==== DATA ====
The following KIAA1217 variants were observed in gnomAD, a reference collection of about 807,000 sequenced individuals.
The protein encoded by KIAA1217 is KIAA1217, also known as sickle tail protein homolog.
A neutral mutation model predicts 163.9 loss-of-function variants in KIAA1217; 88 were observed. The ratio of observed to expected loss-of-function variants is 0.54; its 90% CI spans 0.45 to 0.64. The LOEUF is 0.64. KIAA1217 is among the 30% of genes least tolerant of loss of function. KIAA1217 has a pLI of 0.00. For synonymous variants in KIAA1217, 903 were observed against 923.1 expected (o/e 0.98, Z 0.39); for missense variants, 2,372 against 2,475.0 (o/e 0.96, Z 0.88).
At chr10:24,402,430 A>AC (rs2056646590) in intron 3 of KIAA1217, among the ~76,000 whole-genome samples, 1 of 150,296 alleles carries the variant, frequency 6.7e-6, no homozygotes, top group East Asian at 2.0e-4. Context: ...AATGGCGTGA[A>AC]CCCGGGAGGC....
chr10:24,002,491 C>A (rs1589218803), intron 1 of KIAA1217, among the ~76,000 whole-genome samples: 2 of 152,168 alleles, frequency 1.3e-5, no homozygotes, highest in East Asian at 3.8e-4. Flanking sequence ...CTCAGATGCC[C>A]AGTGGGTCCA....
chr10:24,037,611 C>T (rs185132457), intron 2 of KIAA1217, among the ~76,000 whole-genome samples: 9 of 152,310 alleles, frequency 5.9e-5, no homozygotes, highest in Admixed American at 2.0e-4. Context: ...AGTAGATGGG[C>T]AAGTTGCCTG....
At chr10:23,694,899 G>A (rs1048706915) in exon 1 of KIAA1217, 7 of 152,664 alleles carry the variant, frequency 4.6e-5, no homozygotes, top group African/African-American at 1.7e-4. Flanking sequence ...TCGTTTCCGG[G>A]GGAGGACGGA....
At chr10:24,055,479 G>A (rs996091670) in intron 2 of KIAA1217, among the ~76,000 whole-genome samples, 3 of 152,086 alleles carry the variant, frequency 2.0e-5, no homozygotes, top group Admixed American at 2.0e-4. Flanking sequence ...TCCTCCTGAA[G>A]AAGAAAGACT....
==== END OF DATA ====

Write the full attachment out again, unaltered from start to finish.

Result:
The following KIAA1217 variants were observed in gnomAD, a reference collection of about 807,000 sequenced individuals.
The protein encoded by KIAA1217 is KIAA1217, also known as sickle tail protein homolog.
A neutral mutation model predicts 163.9 loss-of-function variants in KIAA1217; 88 were observed. The ratio of observed to expected loss-of-function variants is 0.54; its 90% CI spans 0.45 to 0.64. The LOEUF is 0.64. KIAA1217 is among the 30% of genes least tolerant of loss of function. KIAA1217 has a pLI of 0.00. For synonymous variants in KIAA1217, 903 were observed against 923.1 expected (o/e 0.98, Z 0.39); for missense variants, 2,372 against 2,475.0 (o/e 0.96, Z 0.88).
At chr10:24,402,430 A>AC (rs2056646590) in intron 3 of KIAA1217, among the ~76,000 whole-genome samples, 1 of 150,296 alleles carries the variant, frequency 6.7e-6, no homozygotes, top group East Asian at 2.0e-4. Context: ...AATGGCGTGA[A>AC]CCCGGGAGGC....
chr10:24,002,491 C>A (rs1589218803), intron 1 of KIAA1217, among the ~76,000 whole-genome samples: 2 of 152,168 alleles, frequency 1.3e-5, no homozygotes, highest in East Asian at 3.8e-4. Flanking sequence ...CTCAGATGCC[C>A]AGTGGGTCCA....
chr10:24,037,611 C>T (rs185132457), intron 2 of KIAA1217, among the ~76,000 whole-genome samples: 9 of 152,310 alleles, frequency 5.9e-5, no homozygotes, highest in Admixed American at 2.0e-4. Context: ...AGTAGATGGG[C>T]AAGTTGCCTG....
At chr10:23,694,899 G>A (rs1048706915) in exon 1 of KIAA1217, 7 of 152,664 alleles carry the variant, frequency 4.6e-5, no homozygotes, top group African/African-American at 1.7e-4. Flanking sequence ...TCGTTTCCGG[G>A]GGAGGACGGA....
At chr10:24,055,479 G>A (rs996091670) in intron 2 of KIAA1217, among the ~76,000 whole-genome samples, 3 of 152,086 alleles carry the variant, frequency 2.0e-5, no homozygotes, top group Admixed American at 2.0e-4. Flanking sequence ...TCCTCCTGAA[G>A]AAGAAAGACT....